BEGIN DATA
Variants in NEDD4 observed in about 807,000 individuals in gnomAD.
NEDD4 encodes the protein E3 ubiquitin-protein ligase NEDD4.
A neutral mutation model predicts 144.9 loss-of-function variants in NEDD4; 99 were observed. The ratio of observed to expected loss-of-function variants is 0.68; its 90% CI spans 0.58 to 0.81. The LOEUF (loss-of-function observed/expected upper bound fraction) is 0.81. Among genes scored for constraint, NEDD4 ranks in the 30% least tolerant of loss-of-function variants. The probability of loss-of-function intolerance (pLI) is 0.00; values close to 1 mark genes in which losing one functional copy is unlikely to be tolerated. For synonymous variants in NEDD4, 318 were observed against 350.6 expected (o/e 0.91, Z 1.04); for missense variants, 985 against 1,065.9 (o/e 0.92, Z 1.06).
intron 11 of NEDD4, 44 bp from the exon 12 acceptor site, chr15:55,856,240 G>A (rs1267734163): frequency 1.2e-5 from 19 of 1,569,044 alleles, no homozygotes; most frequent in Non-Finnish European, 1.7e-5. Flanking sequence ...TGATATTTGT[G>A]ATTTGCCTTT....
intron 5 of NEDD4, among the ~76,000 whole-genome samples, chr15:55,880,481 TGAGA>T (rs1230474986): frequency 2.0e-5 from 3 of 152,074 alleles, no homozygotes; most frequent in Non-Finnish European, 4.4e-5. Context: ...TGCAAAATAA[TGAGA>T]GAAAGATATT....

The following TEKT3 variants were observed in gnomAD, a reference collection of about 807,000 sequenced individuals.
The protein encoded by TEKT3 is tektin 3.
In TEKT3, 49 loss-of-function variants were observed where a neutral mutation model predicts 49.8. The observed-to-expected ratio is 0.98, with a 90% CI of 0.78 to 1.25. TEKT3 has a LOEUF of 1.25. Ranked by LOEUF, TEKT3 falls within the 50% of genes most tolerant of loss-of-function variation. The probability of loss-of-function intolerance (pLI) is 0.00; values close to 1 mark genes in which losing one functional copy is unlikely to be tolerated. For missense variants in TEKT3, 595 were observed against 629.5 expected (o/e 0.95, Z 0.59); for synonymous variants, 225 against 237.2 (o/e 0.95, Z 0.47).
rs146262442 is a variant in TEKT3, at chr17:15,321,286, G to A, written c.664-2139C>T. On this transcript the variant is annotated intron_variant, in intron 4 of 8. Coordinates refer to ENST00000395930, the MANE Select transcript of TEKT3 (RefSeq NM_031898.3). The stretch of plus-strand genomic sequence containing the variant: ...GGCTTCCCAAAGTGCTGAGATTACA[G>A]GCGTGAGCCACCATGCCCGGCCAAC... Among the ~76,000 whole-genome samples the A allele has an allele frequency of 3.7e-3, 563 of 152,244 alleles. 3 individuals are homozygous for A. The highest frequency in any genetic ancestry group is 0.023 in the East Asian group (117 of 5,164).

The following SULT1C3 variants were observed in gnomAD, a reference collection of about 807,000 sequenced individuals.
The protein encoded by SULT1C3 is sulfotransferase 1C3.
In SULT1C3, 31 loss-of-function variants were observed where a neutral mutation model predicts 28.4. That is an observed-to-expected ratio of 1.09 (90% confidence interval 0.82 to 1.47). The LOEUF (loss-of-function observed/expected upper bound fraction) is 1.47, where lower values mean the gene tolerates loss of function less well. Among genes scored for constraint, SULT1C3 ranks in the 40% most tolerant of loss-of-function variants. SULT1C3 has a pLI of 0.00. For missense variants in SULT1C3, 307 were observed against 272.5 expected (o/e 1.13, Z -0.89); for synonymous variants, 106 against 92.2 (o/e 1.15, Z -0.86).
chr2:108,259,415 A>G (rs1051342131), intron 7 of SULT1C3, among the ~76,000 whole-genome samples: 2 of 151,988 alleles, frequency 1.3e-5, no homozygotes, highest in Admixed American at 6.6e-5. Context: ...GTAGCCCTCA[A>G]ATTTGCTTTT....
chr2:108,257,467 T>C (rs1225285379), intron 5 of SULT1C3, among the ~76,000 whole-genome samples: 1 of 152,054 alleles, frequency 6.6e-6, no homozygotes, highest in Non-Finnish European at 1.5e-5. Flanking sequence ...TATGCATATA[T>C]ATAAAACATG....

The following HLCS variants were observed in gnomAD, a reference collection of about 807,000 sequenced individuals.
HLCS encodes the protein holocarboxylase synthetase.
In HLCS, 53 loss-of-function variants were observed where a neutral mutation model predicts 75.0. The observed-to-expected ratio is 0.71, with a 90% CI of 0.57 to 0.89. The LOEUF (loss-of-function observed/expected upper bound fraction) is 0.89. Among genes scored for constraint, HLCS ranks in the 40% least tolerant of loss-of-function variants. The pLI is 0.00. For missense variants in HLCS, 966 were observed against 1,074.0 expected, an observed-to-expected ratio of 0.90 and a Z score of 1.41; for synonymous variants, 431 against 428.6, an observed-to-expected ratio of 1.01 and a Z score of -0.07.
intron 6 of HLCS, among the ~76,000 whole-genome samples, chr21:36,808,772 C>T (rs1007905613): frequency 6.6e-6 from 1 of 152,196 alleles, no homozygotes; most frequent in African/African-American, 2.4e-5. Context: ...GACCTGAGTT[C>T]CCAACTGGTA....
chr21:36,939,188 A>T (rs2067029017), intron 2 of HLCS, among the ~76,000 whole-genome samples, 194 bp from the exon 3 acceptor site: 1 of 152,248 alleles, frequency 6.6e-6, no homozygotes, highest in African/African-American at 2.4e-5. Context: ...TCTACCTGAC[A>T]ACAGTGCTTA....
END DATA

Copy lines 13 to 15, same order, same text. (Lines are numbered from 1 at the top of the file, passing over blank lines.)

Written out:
chr2:108,259,415 A>G (rs1051342131), intron 7 of SULT1C3, among the ~76,000 whole-genome samples: 2 of 151,988 alleles, frequency 1.3e-5, no homozygotes, highest in Admixed American at 6.6e-5. Context: ...GTAGCCCTCA[A>G]ATTTGCTTTT....
chr2:108,257,467 T>C (rs1225285379), intron 5 of SULT1C3, among the ~76,000 whole-genome samples: 1 of 152,054 alleles, frequency 6.6e-6, no homozygotes, highest in Non-Finnish European at 1.5e-5. Flanking sequence ...TATGCATATA[T>C]ATAAAACATG....

The following HLCS variants were observed in gnomAD, a reference collection of about 807,000 sequenced individuals.